By Bob Marshall, Chief Editor, Med Device Online
A recent BioBreakfast event welcomed Marc Malandro, VP of operations for science at the Chan Zuckerberg Initiative (CZI), back to the city of Pittsburgh. Malandro previously served as Vice Chancellor for Technology Management and Commercialization, as well as Founding Director of the Innovation Institute, at the University of Pittsburgh. Under his leadership, the university filed over 1,100 new U.S. patent applications, was granted 609 U.S. issued patents, entered into over 1,203 license agreements, and formed 86 companies based on university research. Malandro’s productive tenure at Pitt began in 2004 and lasted until his departure for CZI earlier this year.
In his new role, Malandro is part of the CZI team supporting novel advances in the scientific research behind modern medicine. To accelerate this progress, CZI will bring scientists and engineers together in new ways, create computational and experimental tools to empower the scientific community, and build a movement to support basic scientific research. But, where did CZI come from?
CZI is inseparably linked to the modest beginnings of social media monster Facebook. In January of 2004, then Harvard student Mark Zuckerberg began writing code for a new web site in his dorm room. On Feb. 4, 2004, Zuckerberg launched "Thefacebook," originally located at thefacebook.com. This became the Facebook so many people know and love; it currently is valued at about $500 billion, and Zuckerberg owns about 20 percent of the shares outstanding.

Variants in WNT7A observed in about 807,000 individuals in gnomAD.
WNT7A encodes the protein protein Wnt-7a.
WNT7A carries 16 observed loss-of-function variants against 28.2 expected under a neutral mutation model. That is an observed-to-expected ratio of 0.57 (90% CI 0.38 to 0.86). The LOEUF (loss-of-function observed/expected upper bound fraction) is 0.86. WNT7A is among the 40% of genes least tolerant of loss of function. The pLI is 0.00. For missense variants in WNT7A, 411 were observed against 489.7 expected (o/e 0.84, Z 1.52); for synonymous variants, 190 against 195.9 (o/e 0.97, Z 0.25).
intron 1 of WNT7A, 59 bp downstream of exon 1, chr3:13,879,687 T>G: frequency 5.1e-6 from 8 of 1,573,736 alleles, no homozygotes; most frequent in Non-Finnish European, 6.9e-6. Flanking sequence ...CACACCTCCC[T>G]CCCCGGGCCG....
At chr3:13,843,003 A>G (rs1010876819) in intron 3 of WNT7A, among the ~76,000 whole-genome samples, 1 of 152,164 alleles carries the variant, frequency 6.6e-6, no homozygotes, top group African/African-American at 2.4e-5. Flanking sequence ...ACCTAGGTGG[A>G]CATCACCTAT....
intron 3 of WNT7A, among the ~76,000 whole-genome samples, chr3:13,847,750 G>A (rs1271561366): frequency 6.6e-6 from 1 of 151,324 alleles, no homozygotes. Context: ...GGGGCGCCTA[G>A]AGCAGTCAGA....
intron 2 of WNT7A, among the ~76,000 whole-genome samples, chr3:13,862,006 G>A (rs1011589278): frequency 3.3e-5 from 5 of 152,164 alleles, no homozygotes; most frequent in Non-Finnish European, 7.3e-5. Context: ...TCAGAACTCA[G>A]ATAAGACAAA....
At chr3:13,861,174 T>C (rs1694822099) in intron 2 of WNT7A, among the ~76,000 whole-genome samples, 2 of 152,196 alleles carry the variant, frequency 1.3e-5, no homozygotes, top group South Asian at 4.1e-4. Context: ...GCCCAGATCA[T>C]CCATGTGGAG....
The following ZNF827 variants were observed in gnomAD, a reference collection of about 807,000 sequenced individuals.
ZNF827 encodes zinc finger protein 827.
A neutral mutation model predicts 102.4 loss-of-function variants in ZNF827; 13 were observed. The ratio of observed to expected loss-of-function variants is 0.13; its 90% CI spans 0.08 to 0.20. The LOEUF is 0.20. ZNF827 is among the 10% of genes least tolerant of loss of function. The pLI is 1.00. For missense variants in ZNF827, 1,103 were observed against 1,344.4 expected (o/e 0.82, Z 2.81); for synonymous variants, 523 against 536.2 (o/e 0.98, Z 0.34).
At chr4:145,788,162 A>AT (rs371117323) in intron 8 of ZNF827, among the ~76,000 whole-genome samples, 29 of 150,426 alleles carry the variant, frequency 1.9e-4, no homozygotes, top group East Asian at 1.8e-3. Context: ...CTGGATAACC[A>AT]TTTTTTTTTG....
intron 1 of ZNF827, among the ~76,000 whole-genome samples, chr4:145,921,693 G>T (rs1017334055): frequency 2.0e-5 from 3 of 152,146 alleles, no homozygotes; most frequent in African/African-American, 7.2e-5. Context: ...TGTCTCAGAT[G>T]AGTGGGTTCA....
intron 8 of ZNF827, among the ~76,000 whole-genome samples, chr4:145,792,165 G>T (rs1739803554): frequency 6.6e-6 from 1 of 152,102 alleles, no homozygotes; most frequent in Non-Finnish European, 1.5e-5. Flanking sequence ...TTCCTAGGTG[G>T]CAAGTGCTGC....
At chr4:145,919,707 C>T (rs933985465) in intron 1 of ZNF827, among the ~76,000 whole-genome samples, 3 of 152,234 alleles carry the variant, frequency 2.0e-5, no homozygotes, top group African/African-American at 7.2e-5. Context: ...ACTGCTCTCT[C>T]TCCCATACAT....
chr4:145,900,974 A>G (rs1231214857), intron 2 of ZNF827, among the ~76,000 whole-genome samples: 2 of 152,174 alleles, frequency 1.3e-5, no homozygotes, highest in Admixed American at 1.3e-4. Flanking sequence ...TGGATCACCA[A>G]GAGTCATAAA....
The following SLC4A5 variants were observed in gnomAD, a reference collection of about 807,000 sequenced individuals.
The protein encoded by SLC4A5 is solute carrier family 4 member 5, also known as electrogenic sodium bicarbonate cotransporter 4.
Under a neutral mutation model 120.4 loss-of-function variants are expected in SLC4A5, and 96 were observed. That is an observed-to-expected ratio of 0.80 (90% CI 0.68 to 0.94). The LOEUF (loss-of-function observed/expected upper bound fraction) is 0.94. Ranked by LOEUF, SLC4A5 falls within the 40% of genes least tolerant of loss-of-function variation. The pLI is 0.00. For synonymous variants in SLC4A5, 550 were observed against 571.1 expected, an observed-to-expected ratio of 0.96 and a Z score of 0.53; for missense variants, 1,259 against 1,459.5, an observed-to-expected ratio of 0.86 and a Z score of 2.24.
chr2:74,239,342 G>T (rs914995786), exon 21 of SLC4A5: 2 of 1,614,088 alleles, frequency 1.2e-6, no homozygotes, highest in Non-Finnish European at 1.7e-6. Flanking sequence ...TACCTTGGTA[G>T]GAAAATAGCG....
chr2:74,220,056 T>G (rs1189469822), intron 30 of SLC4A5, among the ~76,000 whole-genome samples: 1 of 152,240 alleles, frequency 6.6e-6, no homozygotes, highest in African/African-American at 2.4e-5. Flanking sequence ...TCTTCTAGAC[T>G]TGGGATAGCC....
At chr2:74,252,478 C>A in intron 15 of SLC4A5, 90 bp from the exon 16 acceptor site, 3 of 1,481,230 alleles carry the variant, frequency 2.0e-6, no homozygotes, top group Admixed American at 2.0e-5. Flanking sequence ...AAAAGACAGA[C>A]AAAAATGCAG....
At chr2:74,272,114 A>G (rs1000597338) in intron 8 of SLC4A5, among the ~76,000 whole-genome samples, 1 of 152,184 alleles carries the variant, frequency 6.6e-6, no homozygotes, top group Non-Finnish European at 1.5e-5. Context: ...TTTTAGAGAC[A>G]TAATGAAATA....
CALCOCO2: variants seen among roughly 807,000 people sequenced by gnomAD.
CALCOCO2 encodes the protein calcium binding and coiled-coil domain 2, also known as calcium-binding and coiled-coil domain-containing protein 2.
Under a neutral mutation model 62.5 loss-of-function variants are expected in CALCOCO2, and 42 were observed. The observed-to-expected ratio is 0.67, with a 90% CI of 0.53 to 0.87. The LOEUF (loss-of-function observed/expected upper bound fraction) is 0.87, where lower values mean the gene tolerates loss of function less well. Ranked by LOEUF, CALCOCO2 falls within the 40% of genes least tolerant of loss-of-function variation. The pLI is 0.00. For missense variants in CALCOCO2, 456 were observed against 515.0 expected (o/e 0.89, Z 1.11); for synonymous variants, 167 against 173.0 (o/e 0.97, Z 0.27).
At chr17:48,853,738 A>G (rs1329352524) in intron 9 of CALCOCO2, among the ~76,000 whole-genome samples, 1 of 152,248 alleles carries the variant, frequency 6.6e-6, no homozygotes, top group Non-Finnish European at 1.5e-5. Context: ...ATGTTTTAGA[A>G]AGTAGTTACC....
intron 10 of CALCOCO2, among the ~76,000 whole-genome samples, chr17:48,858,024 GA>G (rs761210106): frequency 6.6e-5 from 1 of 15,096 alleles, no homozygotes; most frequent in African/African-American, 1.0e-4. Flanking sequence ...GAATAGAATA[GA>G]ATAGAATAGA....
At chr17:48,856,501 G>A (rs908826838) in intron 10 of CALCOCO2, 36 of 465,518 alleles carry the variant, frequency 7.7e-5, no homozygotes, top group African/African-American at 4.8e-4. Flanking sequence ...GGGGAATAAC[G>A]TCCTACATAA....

Two Cute Reasons To Focus Fortune On Cures: Maxima and August
So what made this captain of social media industry shift his focus from building a commercial empire to making the world a better place? Some might say he got hit with a rock, or more correctly a stone – Elizabeth Stone, to be precise. The American author is known for her quotation, “Making the decision to have a child…is to decide forever to have your heart go walking around outside your body.” Zuckerberg and wife Priscilla Chan were struck by two cute little pebbles named Maxima and August, who seem to have pivoted their focus from fortune to future.